Thanks to Ohio’s Lake Erie shores, the grape varietals grown here are nothing to sneeze at. The lake’s coolness in the spring keeps the vine from budding too soon, while the heat is kept in during the fall, thus extending the season. “The best wine regions in the world are going to be found along a body of water,” says Lauren Fiala, wine specialist at The Lodge at Geneva-on-the-Lake. Here’s three common grape varietals grown throughout the state and what they’re known for.
Cabernet Franc: An ancient Bordeaux, this type of grape is a parent to cabernet sauvignon. Like any red grape, wineries are careful to plant it in the warmest spots because it’s difficult to ripen all the way every year. However, Ohio’s past two years yielded fantastic crop, generating promising red vintage. “I absolutely adore cabernet franc,” Fiala says. “When you start picking up those floral aromas, like violet and graphite, that’s when you’ve got something that’s really ripe.”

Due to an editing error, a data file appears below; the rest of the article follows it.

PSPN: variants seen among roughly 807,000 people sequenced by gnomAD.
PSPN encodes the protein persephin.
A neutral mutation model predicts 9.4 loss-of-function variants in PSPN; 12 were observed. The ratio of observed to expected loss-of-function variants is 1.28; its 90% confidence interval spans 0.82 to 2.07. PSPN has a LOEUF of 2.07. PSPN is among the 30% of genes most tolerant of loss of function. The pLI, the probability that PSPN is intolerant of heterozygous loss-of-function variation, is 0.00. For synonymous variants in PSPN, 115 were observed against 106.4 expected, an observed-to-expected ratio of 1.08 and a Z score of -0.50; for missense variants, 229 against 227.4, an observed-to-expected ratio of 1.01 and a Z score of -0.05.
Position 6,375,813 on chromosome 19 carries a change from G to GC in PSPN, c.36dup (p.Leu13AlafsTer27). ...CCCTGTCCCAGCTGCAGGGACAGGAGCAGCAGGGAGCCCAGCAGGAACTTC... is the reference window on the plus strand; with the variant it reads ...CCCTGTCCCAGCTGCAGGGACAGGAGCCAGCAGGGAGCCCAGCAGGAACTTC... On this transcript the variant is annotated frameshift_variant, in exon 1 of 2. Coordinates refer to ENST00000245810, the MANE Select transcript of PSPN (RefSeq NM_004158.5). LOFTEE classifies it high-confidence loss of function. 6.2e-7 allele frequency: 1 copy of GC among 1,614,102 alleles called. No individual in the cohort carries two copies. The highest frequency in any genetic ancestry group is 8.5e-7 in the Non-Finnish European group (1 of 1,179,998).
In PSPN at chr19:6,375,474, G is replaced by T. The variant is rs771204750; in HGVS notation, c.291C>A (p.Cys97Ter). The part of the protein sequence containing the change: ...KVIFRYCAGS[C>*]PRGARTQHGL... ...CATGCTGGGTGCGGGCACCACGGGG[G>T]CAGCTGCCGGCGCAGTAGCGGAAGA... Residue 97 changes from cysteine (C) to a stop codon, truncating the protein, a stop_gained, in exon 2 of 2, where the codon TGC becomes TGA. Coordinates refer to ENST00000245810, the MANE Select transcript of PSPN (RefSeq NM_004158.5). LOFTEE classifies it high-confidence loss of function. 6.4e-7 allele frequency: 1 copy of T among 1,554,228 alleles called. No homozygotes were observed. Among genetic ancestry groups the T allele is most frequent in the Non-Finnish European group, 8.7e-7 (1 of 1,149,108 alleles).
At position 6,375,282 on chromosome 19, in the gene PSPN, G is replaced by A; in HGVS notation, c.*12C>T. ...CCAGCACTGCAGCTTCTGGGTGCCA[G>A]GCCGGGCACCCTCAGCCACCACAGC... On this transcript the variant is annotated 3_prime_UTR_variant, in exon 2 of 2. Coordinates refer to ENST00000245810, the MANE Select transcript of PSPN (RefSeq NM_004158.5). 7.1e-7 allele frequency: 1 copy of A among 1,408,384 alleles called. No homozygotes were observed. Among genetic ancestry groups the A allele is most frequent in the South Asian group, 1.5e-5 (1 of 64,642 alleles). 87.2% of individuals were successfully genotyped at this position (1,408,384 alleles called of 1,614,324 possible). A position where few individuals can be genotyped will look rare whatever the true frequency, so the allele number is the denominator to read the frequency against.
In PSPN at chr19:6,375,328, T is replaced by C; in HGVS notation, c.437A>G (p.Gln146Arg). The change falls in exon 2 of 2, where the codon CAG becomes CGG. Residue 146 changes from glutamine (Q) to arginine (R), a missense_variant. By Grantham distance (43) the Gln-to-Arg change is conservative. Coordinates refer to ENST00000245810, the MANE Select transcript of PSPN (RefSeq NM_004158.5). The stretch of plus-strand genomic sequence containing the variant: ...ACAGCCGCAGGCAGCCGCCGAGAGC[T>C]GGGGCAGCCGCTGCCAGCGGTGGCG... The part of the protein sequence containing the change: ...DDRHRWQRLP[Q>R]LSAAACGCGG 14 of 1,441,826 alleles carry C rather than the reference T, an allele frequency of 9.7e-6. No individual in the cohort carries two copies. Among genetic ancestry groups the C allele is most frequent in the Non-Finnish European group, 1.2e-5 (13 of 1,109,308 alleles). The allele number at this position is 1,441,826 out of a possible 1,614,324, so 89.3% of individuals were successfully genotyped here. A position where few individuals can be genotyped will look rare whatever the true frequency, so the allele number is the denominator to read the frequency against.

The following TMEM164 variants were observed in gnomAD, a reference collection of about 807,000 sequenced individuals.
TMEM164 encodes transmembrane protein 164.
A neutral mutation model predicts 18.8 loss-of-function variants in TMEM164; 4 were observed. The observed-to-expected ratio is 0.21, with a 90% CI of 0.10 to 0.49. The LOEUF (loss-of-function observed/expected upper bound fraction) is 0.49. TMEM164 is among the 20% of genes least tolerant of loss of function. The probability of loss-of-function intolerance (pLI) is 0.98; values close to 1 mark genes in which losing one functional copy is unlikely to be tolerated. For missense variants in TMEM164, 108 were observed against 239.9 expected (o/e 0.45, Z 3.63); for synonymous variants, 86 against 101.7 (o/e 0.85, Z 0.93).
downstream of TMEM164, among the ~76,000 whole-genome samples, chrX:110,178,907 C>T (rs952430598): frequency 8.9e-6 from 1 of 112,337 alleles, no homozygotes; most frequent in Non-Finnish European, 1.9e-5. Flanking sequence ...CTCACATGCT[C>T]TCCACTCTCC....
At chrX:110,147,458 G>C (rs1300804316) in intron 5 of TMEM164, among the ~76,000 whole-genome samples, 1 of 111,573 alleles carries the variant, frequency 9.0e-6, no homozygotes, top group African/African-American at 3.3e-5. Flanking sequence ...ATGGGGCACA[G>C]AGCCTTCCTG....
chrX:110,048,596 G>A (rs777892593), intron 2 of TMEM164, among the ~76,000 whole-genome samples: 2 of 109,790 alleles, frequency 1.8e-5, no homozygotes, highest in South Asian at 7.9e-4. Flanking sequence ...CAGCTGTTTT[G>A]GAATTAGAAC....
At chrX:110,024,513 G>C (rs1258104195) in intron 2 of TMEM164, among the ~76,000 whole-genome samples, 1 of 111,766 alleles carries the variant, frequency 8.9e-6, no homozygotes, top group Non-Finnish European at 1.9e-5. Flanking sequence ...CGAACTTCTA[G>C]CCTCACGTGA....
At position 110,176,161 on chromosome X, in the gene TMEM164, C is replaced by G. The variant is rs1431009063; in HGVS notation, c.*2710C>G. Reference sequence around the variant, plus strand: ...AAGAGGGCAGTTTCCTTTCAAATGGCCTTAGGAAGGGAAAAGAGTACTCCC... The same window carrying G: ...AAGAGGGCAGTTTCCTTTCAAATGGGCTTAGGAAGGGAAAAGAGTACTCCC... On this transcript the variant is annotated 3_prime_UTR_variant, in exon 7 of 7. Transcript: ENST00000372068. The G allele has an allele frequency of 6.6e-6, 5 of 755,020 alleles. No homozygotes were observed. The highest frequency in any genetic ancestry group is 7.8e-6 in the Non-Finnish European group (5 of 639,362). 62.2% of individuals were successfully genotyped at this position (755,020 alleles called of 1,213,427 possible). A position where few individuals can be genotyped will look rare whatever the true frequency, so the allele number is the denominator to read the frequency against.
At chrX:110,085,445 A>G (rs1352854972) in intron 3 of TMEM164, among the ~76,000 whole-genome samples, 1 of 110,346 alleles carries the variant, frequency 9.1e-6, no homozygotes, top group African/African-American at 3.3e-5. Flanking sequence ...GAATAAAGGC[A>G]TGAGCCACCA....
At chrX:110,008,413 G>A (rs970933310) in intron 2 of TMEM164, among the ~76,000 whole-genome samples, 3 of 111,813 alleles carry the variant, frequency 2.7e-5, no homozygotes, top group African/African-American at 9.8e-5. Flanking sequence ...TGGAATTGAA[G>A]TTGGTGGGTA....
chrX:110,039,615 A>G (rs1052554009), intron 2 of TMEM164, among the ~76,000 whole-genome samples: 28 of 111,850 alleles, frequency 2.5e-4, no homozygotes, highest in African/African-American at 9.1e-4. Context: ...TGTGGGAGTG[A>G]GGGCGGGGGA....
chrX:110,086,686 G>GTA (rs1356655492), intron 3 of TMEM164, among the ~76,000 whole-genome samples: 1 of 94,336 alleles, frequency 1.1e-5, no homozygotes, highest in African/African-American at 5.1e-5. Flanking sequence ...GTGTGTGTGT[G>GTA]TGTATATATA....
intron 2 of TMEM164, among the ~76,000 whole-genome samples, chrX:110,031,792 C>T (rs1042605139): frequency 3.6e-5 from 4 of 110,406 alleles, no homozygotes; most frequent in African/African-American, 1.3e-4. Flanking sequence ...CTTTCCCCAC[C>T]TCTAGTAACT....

Pinot Gris: While it usually starts out with pink skin, two kinds of white wine are achieved with the same pinot gris grape variety. “Pinot gris is a cool grape,” says Fiala. “So we’ve got pinot gris which is the French name for it and pinot grigio is the Italian one. They’re the same grape.” Unsurprisingly, the wines made with these grapes go perfectly with Italian food, and the grape’s popularity has some advocates calling for our region to be nicknamed the “Pinot Belt.”
Riesling: A true shape-shifter, this white grape variety is one of Northeast Ohio’s most versatile grapes. While local vineyards have been ambitious, Fiala believes the region is just now tapping into riesling’s full potential. “You can have bone-dry, fierce minerality with high acid, all the way to ice wine and everything in between,” Fiala says. Plus, wines made with this grape age fairly well. “One of the most amazing wines I’ve ever had was a 30-year-old riesling.”